What should every freshman at your school know before they start?

Flash forward to that inevitable car ride--the car ride mom has been dreading: your parents are pulling out of your new dorm's parking lot. Their arms are tired from hauling boxes up four flights of stairs. Their eyes are wet and their shoulders are slouched. Mom looks over at Dad, her head tilting and brow squinching--how does she feel? Does she feel safe leaving you, her baby, in this new, strange place? Does she have faith that this college is the right fit? And what about you, that son or daughter-- are you anxious? Excited to investigate extracurriculars, make new friends? Some fall day, the college search will be distant memory. Thinking about this moment-- when student is left alone and parent drives into the distance-- is a good way to better understand what the college search is all about: choosing a place to live, a place to learn, a place to be. Choose a college where both mom, dad, and student will be excited on move-in day, then live each day with that same excitement, making the most of your college experience by reminding yourself why you chose your college in the first place.

David
What should every freshman at your school know before they start?

Do not let money affect your decision more than it needs too. Do not miss out on a great education because you think you can'...

What should every freshman at your school know before they start?

Do not let money affect your decision more than it needs too. Do not miss out on a great education because you think you can't afford it. Find the school you want to go to and do all you can to enter it. Seek advice from current college students and ask them about the application process.

What do you brag about most when you tell your friends about your school?

Princeton is awesome. As a student I know I can do what ever I want, and there are inumerable resources available to me. I am encouraged to think independantly and enjoy my academic career.

What's the one thing you wish someone had told you about freshman year?

I wish I had known how easy it is to take classes in fields I'm not familiar with.

Evan
Describe the students at your school.

They work extremely hard and always seem to work until they get to a legitimate answer to a problem.

Describe the students at your school.

They work extremely hard and always seem to work until they get to a legitimate answer to a problem.

What kind of person should not attend this school?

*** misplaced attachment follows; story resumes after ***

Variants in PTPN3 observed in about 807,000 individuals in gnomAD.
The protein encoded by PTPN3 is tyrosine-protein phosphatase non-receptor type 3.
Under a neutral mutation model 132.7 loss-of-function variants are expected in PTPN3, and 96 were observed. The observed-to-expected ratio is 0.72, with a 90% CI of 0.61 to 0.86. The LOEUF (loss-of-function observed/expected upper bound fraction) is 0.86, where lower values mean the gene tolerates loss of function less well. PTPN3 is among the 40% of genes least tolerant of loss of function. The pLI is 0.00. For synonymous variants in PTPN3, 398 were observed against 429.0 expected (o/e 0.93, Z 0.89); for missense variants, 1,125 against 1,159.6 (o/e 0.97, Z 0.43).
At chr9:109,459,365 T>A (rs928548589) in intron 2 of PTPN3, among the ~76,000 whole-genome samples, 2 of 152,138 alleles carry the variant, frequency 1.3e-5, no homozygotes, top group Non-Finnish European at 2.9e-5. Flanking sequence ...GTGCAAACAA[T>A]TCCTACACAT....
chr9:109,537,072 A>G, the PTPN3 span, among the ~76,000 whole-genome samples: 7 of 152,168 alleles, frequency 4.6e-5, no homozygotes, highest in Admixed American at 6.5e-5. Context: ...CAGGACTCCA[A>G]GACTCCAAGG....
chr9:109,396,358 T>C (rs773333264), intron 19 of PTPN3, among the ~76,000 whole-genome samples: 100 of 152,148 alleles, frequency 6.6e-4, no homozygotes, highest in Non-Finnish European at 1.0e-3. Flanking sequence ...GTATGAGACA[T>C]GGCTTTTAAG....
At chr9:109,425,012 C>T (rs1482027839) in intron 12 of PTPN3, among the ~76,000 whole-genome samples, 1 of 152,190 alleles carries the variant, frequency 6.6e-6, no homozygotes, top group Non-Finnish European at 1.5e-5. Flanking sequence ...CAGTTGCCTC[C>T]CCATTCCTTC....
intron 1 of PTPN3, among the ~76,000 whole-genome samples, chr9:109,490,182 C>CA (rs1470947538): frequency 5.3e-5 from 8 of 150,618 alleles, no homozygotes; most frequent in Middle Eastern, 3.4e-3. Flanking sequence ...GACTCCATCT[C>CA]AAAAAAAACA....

If you don't want to do any work, or think college should be easy, don't come here. Also, if you have a career in mind and Princeton doesn't offer that as a major, you may want to rethink your decision.

What should every freshman at your school know before they start?

Not everyone gets that "This is the place for me" feeling when they step onto a campus. Look at the people around you, think about whether you want to spend 4 years with these people. If there's doubt in your mind about your decision, you should probably reevaluate why you picked a school.

Katharine
What should every freshman at your school know before they start?

The most important thing to do when choosing the right college is to visit the campus. There are cases where geography makes...

What should every freshman at your school know before they start?

The most important thing to do when choosing the right college is to visit the campus. There are cases where geography makes this inconvenient, but this college will be your home for four (or so) years, and your happiness will largely be influenced by your life on campus outside of classes. See the school, get a feel for who the students are, what they do with their time, and what they're satisfied or dissatisfied about. Once you get to college, take some time to think about what you want to learn, both in your major and outside. People tell freshmen they have plenty of time to make decisions, but it goes by so fast that you should be thinking ahead. Also, make sure you make the most of the student groups on campus. You will likely never be in another community with so many interesting people your age who are likely to share so much in common with you as you are in college. Join a singing group, a dance group, intramural sports, debate team--whatever piques your interest. Make lots of friends to help you through your academic trials as well as to make lots of memories. Enjoy!

What's the one thing you wish someone had told you about freshman year?

I wish I had known more of what I wanted to do, so I could have taken advantage of all the opportunities available. There were so many extracurriculars and classes outside of my major that I would have loved to participate in, if only I had had it more together.

What do you consider the worst thing about your school? Why?

Princeton has the largest endowment of any college in the country and they still won't buy two-ply for the bathrooms. This may sound like I'm joking, but seriously, this bothered me quite frequently, and I honestly can't think of anything else bad to say.

Details

  • Enrollment
  • 5,400
  • Tuition & Fees
  • $45,300
  • Acceptance rate
  • 7%